“We can only appreciate the miracle of a sunrise if we have waited in the darkness.”
Polly Prater died when no one was looking. Sitting in her favorite rocking chair on her back porch, watching the sunrise while sipping a cup of Earl Grey tea with a touch of honey. Her husband had returned to the kitchen to cook her breakfast. Though largely devoid of culinary skill, scrambled eggs, bacon, and toast adorned with homemade raspberry preserves was just this side of doable for him. Besides, it was the least he could do to honor fifty years of marriage.
When he returned with a plate of food, Polly’s rocker sat still. Tea dripped from the cup that dangled from her lifeless, bony fingers. A look of peaceful serenity adorned her face.
That’s how she’d gone. Peacefully. Quietly. Without regrets.
Seth’s stomach churned at the memory. How long had it been now? Seventy? Eighty years? With the setting sun nearly below the horizon, the looming twilight didn’t make it easy to read Polly’s tombstone. He squinted. The year of her death was still discernable chiseled into the pink granite: 1937.
Seth’s colleagues loitered nearby. He draped his black leather jacket over his shoulder and strolled down the row of gravestones through the partially withered grass, recalling the manner of death of each person. Natural causes. Pneumonia. Stroke. Heart attack. Lung cancer – though Mr. Johnston Pettigrew was well into his seventies before a lifetime of smoking finally caught up to him.
Each fatality was a testament to the common, simplistic life of the residents of Briar Ridge. A town where nothing changed – not even diets or opinions. A community of folks who clung with fierce tenacity to words like “tradition” and “family values.” A place so removed from the reaches of the world that it reveled in a cocoon of isolation, far from the maddening and corrupt ways of the modern, fast-paced world.
One side of his mouth curled up. That was an illusion.
What the residents of Briar Ridge did not know was that they weren’t as untouchable as they thought. They could be forever affected by events – especially by those in their own backyard.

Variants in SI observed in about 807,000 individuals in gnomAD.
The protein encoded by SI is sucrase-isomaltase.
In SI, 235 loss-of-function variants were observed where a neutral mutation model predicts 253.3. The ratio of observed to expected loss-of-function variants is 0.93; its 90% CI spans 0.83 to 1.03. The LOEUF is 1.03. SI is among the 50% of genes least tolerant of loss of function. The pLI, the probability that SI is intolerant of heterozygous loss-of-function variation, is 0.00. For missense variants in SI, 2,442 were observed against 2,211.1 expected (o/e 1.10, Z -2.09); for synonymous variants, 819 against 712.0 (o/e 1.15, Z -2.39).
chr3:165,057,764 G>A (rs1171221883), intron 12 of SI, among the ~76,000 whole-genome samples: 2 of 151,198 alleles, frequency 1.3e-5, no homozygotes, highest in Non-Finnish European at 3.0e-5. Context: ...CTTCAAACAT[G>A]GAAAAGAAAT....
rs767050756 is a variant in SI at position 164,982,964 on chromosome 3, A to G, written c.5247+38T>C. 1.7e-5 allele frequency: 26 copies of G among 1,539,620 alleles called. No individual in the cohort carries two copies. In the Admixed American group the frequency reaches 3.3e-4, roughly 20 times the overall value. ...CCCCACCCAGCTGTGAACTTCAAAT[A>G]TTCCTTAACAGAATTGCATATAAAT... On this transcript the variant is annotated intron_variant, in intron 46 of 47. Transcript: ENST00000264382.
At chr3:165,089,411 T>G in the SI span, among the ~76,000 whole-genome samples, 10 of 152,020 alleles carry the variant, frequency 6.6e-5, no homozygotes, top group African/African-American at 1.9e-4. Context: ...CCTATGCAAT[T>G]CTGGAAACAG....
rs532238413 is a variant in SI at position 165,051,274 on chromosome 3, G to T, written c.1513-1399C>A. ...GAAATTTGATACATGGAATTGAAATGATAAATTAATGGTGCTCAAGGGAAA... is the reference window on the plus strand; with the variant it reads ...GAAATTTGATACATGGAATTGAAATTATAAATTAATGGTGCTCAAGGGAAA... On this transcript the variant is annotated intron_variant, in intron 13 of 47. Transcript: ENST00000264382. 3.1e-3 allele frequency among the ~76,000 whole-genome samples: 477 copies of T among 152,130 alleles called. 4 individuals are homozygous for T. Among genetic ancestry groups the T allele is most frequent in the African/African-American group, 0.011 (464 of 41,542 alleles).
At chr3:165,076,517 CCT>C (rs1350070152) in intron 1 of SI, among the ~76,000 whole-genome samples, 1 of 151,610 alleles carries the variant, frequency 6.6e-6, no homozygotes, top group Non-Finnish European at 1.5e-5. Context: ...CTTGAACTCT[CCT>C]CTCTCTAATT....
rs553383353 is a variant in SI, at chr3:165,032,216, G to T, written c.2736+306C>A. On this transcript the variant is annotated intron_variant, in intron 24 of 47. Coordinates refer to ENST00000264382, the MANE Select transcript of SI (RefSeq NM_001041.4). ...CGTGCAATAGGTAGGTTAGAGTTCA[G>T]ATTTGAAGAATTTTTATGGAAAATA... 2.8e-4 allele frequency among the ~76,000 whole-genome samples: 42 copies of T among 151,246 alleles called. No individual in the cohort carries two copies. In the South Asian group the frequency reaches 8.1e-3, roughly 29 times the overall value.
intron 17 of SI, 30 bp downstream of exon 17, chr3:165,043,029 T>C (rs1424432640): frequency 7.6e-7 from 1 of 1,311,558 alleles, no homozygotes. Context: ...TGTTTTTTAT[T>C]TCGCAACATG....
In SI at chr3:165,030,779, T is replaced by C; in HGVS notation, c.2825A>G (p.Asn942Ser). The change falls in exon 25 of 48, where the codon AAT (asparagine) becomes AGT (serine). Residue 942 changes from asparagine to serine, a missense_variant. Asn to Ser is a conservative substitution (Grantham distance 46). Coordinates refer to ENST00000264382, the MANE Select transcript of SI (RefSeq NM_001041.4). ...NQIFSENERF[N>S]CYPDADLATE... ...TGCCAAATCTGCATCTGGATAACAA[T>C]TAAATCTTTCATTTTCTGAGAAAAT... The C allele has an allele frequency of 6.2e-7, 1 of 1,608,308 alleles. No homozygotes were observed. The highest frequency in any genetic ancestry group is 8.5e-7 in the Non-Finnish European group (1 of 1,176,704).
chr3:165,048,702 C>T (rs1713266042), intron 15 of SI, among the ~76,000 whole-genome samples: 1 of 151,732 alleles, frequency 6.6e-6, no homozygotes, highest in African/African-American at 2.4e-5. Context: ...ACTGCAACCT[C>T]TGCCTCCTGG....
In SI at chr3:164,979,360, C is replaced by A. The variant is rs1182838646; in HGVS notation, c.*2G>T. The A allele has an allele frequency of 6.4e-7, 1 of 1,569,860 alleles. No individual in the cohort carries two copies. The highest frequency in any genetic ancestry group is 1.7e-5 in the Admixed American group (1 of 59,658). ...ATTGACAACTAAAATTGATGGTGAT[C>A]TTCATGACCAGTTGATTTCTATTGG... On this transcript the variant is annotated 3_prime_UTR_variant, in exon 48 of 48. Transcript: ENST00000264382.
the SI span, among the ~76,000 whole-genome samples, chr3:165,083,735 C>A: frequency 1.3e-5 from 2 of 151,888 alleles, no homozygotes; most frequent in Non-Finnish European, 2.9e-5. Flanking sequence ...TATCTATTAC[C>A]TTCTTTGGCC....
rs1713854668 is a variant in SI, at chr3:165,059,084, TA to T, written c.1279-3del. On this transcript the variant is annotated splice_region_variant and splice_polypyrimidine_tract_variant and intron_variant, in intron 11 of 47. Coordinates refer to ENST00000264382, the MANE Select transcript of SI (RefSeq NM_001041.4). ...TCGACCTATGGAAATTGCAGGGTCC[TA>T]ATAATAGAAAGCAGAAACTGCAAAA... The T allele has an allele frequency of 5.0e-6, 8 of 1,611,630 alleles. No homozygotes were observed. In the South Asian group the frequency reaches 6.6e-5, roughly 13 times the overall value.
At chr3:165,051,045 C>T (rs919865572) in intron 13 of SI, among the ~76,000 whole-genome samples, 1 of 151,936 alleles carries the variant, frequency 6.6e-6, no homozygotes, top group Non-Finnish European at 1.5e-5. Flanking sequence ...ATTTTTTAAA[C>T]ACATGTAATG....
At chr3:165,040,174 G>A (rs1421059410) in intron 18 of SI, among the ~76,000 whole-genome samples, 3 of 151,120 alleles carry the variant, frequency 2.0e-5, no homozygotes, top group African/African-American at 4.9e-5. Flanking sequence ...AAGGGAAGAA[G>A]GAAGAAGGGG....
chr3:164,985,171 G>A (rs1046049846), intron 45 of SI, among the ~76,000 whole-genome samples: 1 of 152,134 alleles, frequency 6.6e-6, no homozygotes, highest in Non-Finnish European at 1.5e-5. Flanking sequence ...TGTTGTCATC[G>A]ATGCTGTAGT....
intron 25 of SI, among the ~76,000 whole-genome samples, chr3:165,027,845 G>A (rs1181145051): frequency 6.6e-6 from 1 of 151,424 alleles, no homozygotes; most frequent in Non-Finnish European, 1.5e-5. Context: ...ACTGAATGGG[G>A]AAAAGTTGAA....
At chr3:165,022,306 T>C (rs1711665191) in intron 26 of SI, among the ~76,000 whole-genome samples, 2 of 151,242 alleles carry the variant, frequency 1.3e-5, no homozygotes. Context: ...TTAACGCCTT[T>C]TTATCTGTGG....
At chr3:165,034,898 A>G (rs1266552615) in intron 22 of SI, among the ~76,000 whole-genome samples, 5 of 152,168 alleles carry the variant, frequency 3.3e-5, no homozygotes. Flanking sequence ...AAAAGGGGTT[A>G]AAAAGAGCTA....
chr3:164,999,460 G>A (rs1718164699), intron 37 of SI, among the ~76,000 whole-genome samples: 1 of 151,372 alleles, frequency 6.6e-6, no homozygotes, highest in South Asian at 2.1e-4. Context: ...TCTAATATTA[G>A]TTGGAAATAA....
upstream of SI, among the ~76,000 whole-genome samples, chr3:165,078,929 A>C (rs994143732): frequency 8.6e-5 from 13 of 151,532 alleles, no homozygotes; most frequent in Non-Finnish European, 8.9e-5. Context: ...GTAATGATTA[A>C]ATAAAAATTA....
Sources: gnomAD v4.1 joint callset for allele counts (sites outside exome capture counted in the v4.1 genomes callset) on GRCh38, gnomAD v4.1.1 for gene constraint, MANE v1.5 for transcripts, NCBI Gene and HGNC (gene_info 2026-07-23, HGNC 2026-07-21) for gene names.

Seth stopped and looked toward the gates of the cemetery, past his companions whose long shadows were now swallowed up by the arrival of darkness. Sure, there had been minor successes over the years as the theory was tested. But the small town in Connecticut proved what could happen if things were well planned and executed – and brought to the very doorstep of unsuspecting and ill-prepared souls.
The twinkling lights of the innocent town danced in the distance. Time to open a new battlefront in the war. Time to remind the enemy what it was like to hurt.
“Seth, we might have a problem.”
Trajan’s comment just over his shoulder jarred Seth from his thoughts. He turned and studied his colleague as if to ask: What problem could there possibly be?
Trajan nodded his head in the opposite direction. Three figures loomed in the darkness, weaving their way past the silent graves. The figure in front was not one of the crew as the shoving and prodding of the other two clearly indicated.
Seth brought down his jacket and draped it over his arm. The lead figure was thrown down in front of Seth and landed with a thud and muffled groan, bound hands prevented any chance of the prisoner breaking his own fall.
“They found him in town,” Trajan said with a trace of nervousness not usually present in his voice. “Maybe there are others. Maybe they know?”
Curious, Seth squatted next to the man, though careful not to let his jacket touch the ground, and helped him sit up against a marble grave. He slid his fingers under the captive’s chin and gently raised his head so they were face to face. “Hello, Yaris.”
Yaris’ eyes widened in recognition and his shoulders sagged as though his body deflated from a sudden loss of air.
A smile was hard to resist, and Seth fought it only for a moment. Grinning, he said, “It’s been a long time. Let’s see … when did Constantinople fall?”
Yaris looked away. Though the duct tape prevented him from speaking, he really didn’t have to – the look in his eyes and his slack face said it all. Defeat.